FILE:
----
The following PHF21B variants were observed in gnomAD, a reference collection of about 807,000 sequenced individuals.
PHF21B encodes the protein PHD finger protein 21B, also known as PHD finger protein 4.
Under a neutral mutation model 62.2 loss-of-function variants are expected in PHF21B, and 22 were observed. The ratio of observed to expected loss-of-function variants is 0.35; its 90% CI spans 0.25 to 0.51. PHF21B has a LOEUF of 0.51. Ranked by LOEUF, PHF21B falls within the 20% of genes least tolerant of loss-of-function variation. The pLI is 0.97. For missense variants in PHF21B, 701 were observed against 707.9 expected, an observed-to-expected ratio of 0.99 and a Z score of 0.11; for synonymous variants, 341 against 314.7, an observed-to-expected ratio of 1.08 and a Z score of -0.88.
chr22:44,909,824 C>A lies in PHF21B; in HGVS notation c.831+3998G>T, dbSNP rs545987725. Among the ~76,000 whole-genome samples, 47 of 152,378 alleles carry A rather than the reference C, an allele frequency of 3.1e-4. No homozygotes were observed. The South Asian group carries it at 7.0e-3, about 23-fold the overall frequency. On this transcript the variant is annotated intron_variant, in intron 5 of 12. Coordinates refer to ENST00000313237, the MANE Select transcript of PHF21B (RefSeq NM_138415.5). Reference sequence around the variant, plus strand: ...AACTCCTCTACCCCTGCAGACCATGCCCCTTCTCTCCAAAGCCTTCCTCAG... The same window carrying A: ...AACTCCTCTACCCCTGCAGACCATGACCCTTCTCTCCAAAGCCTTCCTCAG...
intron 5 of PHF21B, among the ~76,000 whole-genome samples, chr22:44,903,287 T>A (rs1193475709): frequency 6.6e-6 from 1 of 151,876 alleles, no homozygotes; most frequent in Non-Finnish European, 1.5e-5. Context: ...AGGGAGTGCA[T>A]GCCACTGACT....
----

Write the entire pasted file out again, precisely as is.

The following PHF21B variants were observed in gnomAD, a reference collection of about 807,000 sequenced individuals.
PHF21B encodes the protein PHD finger protein 21B, also known as PHD finger protein 4.
Under a neutral mutation model 62.2 loss-of-function variants are expected in PHF21B, and 22 were observed. The ratio of observed to expected loss-of-function variants is 0.35; its 90% CI spans 0.25 to 0.51. PHF21B has a LOEUF of 0.51. Ranked by LOEUF, PHF21B falls within the 20% of genes least tolerant of loss-of-function variation. The pLI is 0.97. For missense variants in PHF21B, 701 were observed against 707.9 expected, an observed-to-expected ratio of 0.99 and a Z score of 0.11; for synonymous variants, 341 against 314.7, an observed-to-expected ratio of 1.08 and a Z score of -0.88.
chr22:44,909,824 C>A lies in PHF21B; in HGVS notation c.831+3998G>T, dbSNP rs545987725. Among the ~76,000 whole-genome samples, 47 of 152,378 alleles carry A rather than the reference C, an allele frequency of 3.1e-4. No homozygotes were observed. The South Asian group carries it at 7.0e-3, about 23-fold the overall frequency. On this transcript the variant is annotated intron_variant, in intron 5 of 12. Coordinates refer to ENST00000313237, the MANE Select transcript of PHF21B (RefSeq NM_138415.5). Reference sequence around the variant, plus strand: ...AACTCCTCTACCCCTGCAGACCATGCCCCTTCTCTCCAAAGCCTTCCTCAG... The same window carrying A: ...AACTCCTCTACCCCTGCAGACCATGACCCTTCTCTCCAAAGCCTTCCTCAG...
intron 5 of PHF21B, among the ~76,000 whole-genome samples, chr22:44,903,287 T>A (rs1193475709): frequency 6.6e-6 from 1 of 151,876 alleles, no homozygotes; most frequent in Non-Finnish European, 1.5e-5. Context: ...AGGGAGTGCA[T>A]GCCACTGACT....